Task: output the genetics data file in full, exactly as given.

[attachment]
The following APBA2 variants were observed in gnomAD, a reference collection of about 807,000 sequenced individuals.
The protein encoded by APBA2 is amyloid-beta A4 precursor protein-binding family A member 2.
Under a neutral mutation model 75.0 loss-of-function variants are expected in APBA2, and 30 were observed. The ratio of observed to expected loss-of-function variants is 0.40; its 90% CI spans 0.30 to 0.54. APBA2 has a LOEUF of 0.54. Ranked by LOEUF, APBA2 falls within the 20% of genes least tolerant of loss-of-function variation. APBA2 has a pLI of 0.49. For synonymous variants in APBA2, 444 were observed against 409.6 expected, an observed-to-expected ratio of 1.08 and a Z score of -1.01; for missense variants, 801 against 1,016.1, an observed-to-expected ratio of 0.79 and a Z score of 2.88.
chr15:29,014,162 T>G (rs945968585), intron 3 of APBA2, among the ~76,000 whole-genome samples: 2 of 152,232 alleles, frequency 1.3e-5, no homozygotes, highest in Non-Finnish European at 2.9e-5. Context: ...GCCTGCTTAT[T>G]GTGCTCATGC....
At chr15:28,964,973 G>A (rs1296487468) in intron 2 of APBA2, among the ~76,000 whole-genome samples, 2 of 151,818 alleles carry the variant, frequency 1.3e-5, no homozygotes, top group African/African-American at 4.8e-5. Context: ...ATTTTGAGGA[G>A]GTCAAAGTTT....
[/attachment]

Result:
The following APBA2 variants were observed in gnomAD, a reference collection of about 807,000 sequenced individuals.
The protein encoded by APBA2 is amyloid-beta A4 precursor protein-binding family A member 2.
Under a neutral mutation model 75.0 loss-of-function variants are expected in APBA2, and 30 were observed. The ratio of observed to expected loss-of-function variants is 0.40; its 90% CI spans 0.30 to 0.54. APBA2 has a LOEUF of 0.54. Ranked by LOEUF, APBA2 falls within the 20% of genes least tolerant of loss-of-function variation. APBA2 has a pLI of 0.49. For synonymous variants in APBA2, 444 were observed against 409.6 expected, an observed-to-expected ratio of 1.08 and a Z score of -1.01; for missense variants, 801 against 1,016.1, an observed-to-expected ratio of 0.79 and a Z score of 2.88.
chr15:29,014,162 T>G (rs945968585), intron 3 of APBA2, among the ~76,000 whole-genome samples: 2 of 152,232 alleles, frequency 1.3e-5, no homozygotes, highest in Non-Finnish European at 2.9e-5. Context: ...GCCTGCTTAT[T>G]GTGCTCATGC....
At chr15:28,964,973 G>A (rs1296487468) in intron 2 of APBA2, among the ~76,000 whole-genome samples, 2 of 151,818 alleles carry the variant, frequency 1.3e-5, no homozygotes, top group African/African-American at 4.8e-5. Context: ...ATTTTGAGGA[G>A]GTCAAAGTTT....